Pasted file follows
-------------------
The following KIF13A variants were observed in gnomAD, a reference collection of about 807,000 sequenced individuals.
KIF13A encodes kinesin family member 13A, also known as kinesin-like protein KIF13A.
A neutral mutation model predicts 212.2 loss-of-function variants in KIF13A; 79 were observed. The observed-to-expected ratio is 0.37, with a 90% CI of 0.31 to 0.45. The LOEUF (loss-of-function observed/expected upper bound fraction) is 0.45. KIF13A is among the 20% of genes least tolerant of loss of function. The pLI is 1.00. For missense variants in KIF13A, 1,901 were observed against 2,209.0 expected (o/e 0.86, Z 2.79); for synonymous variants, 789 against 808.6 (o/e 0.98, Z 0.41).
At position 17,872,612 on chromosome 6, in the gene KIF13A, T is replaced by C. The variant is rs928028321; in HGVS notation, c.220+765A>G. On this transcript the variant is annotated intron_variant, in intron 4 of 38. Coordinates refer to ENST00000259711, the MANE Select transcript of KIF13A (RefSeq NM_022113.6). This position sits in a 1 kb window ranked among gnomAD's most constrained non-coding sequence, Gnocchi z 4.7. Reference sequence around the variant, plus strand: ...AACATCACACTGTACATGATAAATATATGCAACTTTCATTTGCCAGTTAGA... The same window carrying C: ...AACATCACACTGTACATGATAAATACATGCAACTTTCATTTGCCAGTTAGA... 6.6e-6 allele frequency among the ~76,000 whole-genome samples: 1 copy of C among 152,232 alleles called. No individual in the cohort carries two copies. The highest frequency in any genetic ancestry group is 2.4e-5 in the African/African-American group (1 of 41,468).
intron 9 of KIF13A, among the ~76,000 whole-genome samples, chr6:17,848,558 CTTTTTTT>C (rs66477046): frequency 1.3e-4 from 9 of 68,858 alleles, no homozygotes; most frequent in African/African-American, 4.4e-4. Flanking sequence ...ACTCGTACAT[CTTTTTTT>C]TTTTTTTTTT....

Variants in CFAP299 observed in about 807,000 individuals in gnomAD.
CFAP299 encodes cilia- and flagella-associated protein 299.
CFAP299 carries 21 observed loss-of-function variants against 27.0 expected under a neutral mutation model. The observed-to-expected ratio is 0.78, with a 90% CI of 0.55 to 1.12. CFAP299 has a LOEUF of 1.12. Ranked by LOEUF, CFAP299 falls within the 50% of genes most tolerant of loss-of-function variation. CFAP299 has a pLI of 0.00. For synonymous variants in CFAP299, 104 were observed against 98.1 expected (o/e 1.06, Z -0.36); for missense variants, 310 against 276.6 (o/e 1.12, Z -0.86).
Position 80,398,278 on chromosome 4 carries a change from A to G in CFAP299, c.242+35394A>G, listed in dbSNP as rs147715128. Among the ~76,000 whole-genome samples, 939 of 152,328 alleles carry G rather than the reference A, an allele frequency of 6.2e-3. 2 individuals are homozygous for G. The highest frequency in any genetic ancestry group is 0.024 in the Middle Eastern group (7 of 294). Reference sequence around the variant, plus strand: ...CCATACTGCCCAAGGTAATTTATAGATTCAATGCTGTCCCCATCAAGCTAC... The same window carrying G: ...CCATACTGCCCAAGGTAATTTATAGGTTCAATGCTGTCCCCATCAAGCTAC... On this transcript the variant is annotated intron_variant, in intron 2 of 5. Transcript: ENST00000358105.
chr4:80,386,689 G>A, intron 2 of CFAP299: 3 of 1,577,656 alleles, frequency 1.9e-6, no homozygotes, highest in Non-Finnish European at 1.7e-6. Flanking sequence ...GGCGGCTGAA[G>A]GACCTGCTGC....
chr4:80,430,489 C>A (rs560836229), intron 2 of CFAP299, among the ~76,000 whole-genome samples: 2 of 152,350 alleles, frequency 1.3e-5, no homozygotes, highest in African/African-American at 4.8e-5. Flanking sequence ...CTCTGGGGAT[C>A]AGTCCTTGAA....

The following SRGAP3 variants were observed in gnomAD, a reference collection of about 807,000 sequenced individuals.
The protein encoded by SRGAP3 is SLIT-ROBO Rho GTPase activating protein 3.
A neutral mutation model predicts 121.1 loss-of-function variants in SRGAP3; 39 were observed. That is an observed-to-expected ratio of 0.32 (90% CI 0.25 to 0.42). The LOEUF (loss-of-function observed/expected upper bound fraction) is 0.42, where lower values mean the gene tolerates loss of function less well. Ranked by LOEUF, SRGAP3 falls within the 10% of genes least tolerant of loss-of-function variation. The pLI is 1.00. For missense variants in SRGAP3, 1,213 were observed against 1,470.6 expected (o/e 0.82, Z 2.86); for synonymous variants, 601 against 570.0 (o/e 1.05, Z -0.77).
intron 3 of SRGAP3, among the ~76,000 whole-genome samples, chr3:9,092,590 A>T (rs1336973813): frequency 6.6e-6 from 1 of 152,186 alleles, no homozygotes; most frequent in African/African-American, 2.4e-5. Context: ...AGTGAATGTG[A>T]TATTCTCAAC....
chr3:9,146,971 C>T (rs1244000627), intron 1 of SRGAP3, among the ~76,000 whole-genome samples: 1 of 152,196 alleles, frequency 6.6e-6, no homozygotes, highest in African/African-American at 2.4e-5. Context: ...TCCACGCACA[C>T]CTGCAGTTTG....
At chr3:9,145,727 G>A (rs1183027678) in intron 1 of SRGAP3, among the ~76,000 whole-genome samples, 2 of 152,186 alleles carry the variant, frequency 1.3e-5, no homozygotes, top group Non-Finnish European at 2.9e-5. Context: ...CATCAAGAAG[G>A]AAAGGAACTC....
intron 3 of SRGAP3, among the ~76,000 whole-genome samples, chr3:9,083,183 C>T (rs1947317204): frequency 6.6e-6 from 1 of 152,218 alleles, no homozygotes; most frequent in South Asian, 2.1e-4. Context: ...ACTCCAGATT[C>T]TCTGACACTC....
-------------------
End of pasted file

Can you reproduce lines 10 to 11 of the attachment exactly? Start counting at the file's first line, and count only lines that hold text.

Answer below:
chr4:80,386,689 G>A, intron 2 of CFAP299: 3 of 1,577,656 alleles, frequency 1.9e-6, no homozygotes, highest in Non-Finnish European at 1.7e-6. Flanking sequence ...GGCGGCTGAA[G>A]GACCTGCTGC....
chr4:80,430,489 C>A (rs560836229), intron 2 of CFAP299, among the ~76,000 whole-genome samples: 2 of 152,350 alleles, frequency 1.3e-5, no homozygotes, highest in African/African-American at 4.8e-5. Flanking sequence ...CTCTGGGGAT[C>A]AGTCCTTGAA....